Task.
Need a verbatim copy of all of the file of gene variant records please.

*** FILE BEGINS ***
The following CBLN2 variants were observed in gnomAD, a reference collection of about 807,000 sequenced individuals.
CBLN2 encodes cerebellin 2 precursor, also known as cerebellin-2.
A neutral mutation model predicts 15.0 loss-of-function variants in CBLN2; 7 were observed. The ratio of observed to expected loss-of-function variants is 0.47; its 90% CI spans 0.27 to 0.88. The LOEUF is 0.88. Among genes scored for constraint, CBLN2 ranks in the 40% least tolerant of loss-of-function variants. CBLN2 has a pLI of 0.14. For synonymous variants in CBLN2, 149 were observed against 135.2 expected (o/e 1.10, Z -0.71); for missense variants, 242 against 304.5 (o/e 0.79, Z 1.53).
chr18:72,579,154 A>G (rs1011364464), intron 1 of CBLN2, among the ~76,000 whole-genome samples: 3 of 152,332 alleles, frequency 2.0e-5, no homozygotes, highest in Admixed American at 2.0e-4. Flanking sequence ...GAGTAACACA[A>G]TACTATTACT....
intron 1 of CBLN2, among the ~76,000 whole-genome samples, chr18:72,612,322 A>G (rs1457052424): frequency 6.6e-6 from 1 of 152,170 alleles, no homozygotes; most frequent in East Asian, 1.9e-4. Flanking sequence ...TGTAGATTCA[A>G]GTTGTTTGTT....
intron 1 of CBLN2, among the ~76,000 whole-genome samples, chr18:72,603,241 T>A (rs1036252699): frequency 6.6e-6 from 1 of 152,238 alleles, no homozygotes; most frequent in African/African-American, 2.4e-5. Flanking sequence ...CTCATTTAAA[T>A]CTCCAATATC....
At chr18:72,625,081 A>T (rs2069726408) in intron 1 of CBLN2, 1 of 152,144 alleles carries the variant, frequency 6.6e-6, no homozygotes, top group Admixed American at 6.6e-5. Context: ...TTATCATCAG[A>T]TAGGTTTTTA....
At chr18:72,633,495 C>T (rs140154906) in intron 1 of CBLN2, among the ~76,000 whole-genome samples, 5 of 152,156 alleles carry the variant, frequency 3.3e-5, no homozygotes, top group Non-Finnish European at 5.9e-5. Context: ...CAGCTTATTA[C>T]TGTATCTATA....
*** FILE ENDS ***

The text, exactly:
The following CBLN2 variants were observed in gnomAD, a reference collection of about 807,000 sequenced individuals.
CBLN2 encodes cerebellin 2 precursor, also known as cerebellin-2.
A neutral mutation model predicts 15.0 loss-of-function variants in CBLN2; 7 were observed. The ratio of observed to expected loss-of-function variants is 0.47; its 90% CI spans 0.27 to 0.88. The LOEUF is 0.88. Among genes scored for constraint, CBLN2 ranks in the 40% least tolerant of loss-of-function variants. CBLN2 has a pLI of 0.14. For synonymous variants in CBLN2, 149 were observed against 135.2 expected (o/e 1.10, Z -0.71); for missense variants, 242 against 304.5 (o/e 0.79, Z 1.53).
chr18:72,579,154 A>G (rs1011364464), intron 1 of CBLN2, among the ~76,000 whole-genome samples: 3 of 152,332 alleles, frequency 2.0e-5, no homozygotes, highest in Admixed American at 2.0e-4. Flanking sequence ...GAGTAACACA[A>G]TACTATTACT....
intron 1 of CBLN2, among the ~76,000 whole-genome samples, chr18:72,612,322 A>G (rs1457052424): frequency 6.6e-6 from 1 of 152,170 alleles, no homozygotes; most frequent in East Asian, 1.9e-4. Flanking sequence ...TGTAGATTCA[A>G]GTTGTTTGTT....
intron 1 of CBLN2, among the ~76,000 whole-genome samples, chr18:72,603,241 T>A (rs1036252699): frequency 6.6e-6 from 1 of 152,238 alleles, no homozygotes; most frequent in African/African-American, 2.4e-5. Flanking sequence ...CTCATTTAAA[T>A]CTCCAATATC....
At chr18:72,625,081 A>T (rs2069726408) in intron 1 of CBLN2, 1 of 152,144 alleles carries the variant, frequency 6.6e-6, no homozygotes, top group Admixed American at 6.6e-5. Context: ...TTATCATCAG[A>T]TAGGTTTTTA....
At chr18:72,633,495 C>T (rs140154906) in intron 1 of CBLN2, among the ~76,000 whole-genome samples, 5 of 152,156 alleles carry the variant, frequency 3.3e-5, no homozygotes, top group Non-Finnish European at 5.9e-5. Context: ...CAGCTTATTA[C>T]TGTATCTATA....